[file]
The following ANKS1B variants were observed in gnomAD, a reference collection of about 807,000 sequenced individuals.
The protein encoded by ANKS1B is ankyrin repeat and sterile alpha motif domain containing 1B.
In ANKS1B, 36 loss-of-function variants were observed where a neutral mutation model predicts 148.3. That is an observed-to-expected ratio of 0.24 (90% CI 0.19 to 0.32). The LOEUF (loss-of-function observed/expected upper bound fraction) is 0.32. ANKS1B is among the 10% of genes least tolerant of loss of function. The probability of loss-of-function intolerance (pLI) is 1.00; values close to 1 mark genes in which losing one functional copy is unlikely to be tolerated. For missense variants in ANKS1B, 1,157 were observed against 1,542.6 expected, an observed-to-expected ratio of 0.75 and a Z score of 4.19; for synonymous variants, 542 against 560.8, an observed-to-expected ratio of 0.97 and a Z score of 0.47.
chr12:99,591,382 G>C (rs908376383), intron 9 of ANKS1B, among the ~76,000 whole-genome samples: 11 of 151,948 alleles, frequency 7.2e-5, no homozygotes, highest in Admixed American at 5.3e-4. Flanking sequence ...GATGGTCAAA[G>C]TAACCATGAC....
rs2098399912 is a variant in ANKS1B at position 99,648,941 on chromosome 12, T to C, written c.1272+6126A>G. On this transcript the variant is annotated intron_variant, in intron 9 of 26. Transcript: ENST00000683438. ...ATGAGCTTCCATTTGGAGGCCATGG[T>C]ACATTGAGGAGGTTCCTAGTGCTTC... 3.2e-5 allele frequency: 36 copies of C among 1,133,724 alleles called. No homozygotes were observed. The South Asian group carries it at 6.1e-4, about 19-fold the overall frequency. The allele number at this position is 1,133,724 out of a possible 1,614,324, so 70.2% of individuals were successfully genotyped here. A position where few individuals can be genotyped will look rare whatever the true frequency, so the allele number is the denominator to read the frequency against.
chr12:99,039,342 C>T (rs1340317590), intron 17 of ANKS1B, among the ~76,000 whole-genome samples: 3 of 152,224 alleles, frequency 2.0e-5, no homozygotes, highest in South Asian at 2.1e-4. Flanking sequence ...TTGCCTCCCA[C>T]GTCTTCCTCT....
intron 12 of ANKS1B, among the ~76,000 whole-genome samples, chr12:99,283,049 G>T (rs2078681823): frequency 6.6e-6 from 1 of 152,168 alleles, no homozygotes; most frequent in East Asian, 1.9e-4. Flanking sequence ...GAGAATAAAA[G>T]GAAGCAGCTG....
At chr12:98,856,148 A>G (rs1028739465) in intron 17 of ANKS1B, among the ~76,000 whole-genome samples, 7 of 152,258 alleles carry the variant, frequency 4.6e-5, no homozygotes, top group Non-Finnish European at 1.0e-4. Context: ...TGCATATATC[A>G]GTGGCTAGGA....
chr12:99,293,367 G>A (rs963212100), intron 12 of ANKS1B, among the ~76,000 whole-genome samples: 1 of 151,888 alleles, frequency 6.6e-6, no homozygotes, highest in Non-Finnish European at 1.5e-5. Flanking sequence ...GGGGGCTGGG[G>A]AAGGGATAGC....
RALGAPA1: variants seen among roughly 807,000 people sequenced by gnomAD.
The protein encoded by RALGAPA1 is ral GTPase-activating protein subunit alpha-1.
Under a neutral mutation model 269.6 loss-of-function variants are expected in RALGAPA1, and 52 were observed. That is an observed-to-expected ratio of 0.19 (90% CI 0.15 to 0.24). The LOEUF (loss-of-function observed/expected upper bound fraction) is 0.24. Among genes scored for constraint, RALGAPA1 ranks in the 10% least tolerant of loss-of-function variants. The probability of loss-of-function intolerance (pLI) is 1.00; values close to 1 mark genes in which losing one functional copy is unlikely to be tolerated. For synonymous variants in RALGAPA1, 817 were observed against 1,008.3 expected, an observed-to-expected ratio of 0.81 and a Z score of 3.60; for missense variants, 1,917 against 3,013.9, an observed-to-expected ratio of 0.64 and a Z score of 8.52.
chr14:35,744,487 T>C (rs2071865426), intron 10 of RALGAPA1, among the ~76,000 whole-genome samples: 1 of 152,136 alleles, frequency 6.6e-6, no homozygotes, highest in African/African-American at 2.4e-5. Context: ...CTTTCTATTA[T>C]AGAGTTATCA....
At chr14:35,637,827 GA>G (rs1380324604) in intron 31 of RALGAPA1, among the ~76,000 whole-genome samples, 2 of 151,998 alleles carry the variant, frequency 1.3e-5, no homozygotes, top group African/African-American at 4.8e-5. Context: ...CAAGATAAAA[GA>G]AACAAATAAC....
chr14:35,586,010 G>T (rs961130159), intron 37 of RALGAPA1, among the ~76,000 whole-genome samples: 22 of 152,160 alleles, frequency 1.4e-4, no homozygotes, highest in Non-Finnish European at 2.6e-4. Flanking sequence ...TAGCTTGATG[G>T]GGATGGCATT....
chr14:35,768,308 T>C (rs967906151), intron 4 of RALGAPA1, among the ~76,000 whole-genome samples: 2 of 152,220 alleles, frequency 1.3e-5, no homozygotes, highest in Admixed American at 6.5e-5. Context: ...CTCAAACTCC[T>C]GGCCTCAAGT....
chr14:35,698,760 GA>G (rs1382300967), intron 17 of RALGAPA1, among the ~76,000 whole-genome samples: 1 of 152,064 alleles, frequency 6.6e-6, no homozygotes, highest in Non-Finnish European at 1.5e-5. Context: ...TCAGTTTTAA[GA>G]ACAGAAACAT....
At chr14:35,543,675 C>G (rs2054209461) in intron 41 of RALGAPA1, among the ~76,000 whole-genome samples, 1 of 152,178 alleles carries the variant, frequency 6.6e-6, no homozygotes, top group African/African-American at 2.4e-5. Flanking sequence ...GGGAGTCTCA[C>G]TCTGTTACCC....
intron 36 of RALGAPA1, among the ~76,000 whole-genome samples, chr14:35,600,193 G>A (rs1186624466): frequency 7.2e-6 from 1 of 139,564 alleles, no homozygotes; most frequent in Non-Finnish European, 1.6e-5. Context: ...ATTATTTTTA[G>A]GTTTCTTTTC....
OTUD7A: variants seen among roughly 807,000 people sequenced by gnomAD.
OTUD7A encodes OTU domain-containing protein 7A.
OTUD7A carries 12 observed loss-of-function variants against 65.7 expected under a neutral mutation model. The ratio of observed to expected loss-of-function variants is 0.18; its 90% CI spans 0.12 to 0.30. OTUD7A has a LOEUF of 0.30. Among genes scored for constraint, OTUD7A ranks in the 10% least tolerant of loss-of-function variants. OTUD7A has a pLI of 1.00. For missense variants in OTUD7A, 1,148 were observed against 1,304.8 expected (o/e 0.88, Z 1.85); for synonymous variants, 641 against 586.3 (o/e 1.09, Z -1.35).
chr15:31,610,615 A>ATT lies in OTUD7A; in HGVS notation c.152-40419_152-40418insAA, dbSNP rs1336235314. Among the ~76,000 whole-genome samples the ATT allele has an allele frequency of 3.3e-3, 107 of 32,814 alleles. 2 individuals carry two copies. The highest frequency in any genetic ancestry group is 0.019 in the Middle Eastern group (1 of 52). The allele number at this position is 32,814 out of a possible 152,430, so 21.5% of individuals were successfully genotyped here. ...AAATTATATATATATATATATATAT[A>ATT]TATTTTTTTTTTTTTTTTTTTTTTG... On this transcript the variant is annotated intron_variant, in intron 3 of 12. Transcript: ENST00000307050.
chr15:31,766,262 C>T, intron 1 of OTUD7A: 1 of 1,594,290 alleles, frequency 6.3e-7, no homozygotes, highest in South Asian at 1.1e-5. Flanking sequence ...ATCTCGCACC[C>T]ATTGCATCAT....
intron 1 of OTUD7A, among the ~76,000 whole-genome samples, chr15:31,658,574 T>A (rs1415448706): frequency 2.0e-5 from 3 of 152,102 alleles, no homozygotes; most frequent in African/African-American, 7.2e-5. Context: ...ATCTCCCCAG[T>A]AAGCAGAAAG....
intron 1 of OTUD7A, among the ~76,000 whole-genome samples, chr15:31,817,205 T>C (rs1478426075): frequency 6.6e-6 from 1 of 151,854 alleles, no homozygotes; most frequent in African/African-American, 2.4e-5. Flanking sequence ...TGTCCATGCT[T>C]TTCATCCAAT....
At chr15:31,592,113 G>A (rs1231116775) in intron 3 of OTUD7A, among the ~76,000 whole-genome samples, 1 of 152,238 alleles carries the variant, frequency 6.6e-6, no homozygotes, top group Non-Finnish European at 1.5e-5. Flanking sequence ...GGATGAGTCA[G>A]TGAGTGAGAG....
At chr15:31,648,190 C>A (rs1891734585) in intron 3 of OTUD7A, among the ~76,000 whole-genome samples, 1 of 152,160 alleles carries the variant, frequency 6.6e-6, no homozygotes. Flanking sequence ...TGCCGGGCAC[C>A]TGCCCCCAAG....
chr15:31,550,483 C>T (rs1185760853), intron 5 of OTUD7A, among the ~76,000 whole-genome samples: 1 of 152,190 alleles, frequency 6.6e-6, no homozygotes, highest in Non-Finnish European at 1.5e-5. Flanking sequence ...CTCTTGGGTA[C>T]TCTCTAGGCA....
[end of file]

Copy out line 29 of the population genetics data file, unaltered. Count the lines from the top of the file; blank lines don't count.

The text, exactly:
chr15:31,550,483 C>T (rs1185760853), intron 5 of OTUD7A, among the ~76,000 whole-genome samples: 1 of 152,190 alleles, frequency 6.6e-6, no homozygotes, highest in Non-Finnish European at 1.5e-5. Flanking sequence ...CTCTTGGGTA[C>T]TCTCTAGGCA....